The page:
Oppenheim was quoting Eckels, a major official who was running the Texas end of the evacuations. (Eckels is head of Harris County's Office of Homeland Security and Emergency Management.) But even so, Oppenehim instantly said that Eckel’s report had not been confirmed:
OPPENHEIM (continuing directly): I should emphasize that we're getting this from a reliable source here, but we are not there, and we are going to work to confirm that this information is accurate. But it comes from Gloria Roemer, the spokesperson for the judge in charge of things here.
Oppenheim was careful to say that the report had not been confirmed. (Within moments, CNN threw to Chris Lawrence in New Orleans. He called it a “possible shooting.”) Was CNN wrong to air Eckel’s report? It’s hard to say why; after all, the network wasn’t “uncritically repeating a rumor,” it was reporting a formal statement made by a major official. An hour later, Oppenheim ran tape of Roemer’s statement. “It's a very bad delay caused by very, very bad people and it's really, really quite unbelievable that somebody would be shooting at a rescue helicopter,” she said. Again, this was an official report from the office which was running the Houston end of the evacuations. It’s hard to know why CNN should have refrained from providing it.

At any rate, by 10 AM, CNN was reporting that Eckels and Roemer may have been mistaken. Oppenheim aired a report he’d received from New Orleans:

OPPENHEIM (9/1/05): A bit of a controversy: We heard from Houston officials this morning that there was a clear delay in the transport of buses because of violence in New Orleans. Specifically, reports that someone had shot at a chinook helicopter involved in the transport. But Louisiana officials not only haven't confirmed that, they said that there's been a continued transport operation going on and no delay. Although I have to say in the last half hour or so, no buses have been coming in, jibing with the first report but that might have been a planned delay. So we really don't know whether the transport has stopped or not.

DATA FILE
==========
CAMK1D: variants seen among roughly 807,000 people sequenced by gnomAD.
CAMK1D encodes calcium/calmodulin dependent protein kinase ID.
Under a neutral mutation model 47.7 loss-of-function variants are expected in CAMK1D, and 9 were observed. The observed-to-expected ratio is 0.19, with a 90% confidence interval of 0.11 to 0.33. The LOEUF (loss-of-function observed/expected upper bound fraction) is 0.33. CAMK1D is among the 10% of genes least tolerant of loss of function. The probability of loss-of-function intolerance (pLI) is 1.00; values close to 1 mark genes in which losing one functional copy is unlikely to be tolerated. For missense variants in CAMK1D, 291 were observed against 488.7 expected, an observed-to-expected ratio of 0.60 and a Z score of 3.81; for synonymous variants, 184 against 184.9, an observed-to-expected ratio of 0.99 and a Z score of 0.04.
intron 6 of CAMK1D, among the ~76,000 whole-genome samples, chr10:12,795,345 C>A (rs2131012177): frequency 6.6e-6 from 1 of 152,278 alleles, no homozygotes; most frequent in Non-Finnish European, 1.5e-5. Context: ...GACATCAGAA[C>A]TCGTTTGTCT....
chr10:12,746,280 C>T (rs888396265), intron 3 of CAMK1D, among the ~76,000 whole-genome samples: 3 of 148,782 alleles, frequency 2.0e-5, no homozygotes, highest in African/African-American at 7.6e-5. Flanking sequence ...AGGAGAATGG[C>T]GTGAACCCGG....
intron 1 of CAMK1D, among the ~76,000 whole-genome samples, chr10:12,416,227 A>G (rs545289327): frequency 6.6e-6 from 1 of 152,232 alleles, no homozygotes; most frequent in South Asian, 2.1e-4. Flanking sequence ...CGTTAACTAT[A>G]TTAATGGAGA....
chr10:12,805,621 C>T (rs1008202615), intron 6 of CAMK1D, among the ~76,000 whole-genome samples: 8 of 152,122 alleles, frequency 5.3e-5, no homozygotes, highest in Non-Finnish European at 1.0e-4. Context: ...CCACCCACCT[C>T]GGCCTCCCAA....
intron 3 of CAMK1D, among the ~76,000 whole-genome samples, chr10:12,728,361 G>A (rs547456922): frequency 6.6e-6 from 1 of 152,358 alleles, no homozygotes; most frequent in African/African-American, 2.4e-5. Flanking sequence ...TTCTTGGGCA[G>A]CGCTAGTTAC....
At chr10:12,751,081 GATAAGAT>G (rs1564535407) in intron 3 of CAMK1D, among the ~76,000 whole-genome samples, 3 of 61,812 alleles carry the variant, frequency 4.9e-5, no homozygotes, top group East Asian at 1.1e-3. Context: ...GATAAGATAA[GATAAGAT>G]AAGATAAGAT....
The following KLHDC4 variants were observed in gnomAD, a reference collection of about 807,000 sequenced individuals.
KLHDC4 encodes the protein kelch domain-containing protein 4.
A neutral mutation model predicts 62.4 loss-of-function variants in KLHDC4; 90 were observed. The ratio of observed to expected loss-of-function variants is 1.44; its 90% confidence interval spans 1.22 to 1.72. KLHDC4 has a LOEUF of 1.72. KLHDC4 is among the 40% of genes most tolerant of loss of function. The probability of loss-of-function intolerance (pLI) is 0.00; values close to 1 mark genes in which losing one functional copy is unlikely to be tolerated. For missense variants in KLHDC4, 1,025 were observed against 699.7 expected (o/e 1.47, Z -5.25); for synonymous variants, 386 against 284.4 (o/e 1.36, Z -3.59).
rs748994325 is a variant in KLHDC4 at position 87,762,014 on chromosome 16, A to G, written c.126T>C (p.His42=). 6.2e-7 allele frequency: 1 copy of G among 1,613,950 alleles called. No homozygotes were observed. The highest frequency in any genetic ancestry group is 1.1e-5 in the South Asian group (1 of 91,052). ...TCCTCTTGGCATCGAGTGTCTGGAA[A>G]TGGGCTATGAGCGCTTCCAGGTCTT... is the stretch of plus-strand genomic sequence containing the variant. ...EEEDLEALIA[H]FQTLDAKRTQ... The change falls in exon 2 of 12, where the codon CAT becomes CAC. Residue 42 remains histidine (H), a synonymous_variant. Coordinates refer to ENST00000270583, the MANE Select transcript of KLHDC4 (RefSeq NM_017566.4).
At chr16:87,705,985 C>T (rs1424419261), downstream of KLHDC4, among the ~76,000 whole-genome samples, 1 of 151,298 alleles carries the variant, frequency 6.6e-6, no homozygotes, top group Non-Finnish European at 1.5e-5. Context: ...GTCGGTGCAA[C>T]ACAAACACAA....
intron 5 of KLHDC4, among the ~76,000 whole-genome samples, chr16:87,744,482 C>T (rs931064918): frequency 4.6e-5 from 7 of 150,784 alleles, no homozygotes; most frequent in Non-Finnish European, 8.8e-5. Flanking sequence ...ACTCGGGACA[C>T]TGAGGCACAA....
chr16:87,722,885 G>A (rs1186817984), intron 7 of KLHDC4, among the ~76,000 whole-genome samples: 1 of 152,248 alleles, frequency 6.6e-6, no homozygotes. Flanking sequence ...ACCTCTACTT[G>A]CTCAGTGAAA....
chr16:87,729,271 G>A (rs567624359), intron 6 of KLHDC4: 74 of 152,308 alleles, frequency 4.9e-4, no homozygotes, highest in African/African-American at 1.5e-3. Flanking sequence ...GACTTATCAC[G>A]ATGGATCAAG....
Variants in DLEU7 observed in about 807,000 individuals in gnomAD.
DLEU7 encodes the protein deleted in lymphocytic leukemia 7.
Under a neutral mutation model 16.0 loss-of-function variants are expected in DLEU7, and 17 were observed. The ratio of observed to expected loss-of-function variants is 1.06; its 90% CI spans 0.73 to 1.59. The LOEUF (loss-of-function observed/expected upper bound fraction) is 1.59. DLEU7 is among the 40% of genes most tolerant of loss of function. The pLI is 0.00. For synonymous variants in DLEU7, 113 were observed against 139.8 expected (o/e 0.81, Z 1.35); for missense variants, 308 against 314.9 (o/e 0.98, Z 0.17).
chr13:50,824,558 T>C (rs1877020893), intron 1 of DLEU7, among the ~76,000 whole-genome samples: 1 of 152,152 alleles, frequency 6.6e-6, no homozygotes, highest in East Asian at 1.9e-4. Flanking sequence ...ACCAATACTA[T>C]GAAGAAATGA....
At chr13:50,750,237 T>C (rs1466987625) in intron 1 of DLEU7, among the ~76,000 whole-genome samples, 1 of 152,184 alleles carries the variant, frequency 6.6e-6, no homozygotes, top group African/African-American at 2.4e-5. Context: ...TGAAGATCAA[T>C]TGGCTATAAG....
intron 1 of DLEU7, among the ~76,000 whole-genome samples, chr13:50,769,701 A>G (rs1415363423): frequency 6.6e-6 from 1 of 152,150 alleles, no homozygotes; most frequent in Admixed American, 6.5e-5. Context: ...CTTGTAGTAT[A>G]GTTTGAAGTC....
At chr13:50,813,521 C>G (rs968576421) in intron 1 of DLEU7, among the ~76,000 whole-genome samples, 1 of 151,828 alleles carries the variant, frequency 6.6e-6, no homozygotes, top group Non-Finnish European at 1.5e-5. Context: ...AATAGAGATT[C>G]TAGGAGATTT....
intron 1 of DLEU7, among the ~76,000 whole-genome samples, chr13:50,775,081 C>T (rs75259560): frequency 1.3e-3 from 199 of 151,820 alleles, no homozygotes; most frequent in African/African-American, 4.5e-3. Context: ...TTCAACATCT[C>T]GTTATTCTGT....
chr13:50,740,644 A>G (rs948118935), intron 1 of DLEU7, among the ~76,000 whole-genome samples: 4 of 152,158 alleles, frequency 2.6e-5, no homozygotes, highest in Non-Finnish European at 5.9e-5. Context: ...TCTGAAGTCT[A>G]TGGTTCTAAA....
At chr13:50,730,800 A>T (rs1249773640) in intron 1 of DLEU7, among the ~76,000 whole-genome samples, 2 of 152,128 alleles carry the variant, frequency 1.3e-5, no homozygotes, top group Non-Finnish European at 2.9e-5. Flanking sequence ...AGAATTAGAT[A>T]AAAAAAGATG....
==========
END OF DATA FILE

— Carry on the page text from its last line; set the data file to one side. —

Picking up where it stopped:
You’d never know it from Pierre’s report, but CNN reported, that very same morning, the news Pierre claims to be breaking “now.” According to Pierre, Louisiana officials “now say that...evacuations were never stopped” (our emphasis). But CNN reported that fact on the morning in question, within a few hours of the initial report. Not that Pierre was willing to tell you, of course. He was too busy playing his readers for fools, pimping his new, approved story.

By the way, did someone fire a shot at that chopper? We don’t have the slightest idea. Louisiana Guard officials deny it now. But they have an incentive to clean up these tales—and we can’t tell you which tale is accurate (more below). Meanwhile, Pierre put his thumb on the scale in one other way. As far as we can tell, it’s still not clear whether evacuations were actually halted in New Orleans that morning. On Monday, Knight-Ridder’s Miriam Hill did the definitive report on these incidents. Here’s her account of the Superdome matter:

HILL (10/3/05): Lt. Pete Schneider, a spokesman for the National Guard, which was handling Superdome evacuations, said it was a civilian who told guardsmen in the area that shots had been fired. Schneider said flights continued despite the danger.

But a spokesperson for the Department of Homeland Security
—which oversees the Federal Emergency Management Agency—contradicted that statement, saying Superdome flights were temporarily suspended because of gunfire.
As usual, Pierre told you half the story—the half which supported his cohort’s New Story. Yes, a Guard official, Pete Schneider, says flights continued without interruption. But Homeland Security still seems to say different—a point Pierre chose not to mention. And by the way: Was that civilian actually wrong—the one who first reported the gunshots? Hill’s piece didn’t settle that either. Almost surely, there’s no way to tell—and there’s no apparent reason why any sane person would care.

For years, we’ve walked you through brainless episodes like this—episodes in which the mainstream press corps agrees on a pleasing story, then starts bending the facts to support it. But over the course of the past decade, these idiotic press corps episodes were normally devoted to taking down Democrats; indeed, the press corps’ two-year campaign against Gore eventually put Bush in the White House. Now, with Bush’s numbers in the tank and his idiocy even starting to dawn on most “journalists,” you’re going to see some stupid stories in which the press corps tilts things in other directions. No one committed any crime in New Orleans! Of course there was no looting that week! Those corpses in the street were just rumors! These episodes aren’t going to be any dumber because they tilt in new directions. Indeed, they’ll continue to show you the shape of your race—the human race, dumbest on earth.

Meanwhile, if Bush continues to go in the tank, the press corps’ worthless reciters and followers may start inventing tales that you like. At that point, you’ll face a test of your character: Will you still object to their nonsense when they start pimping nonsense you like?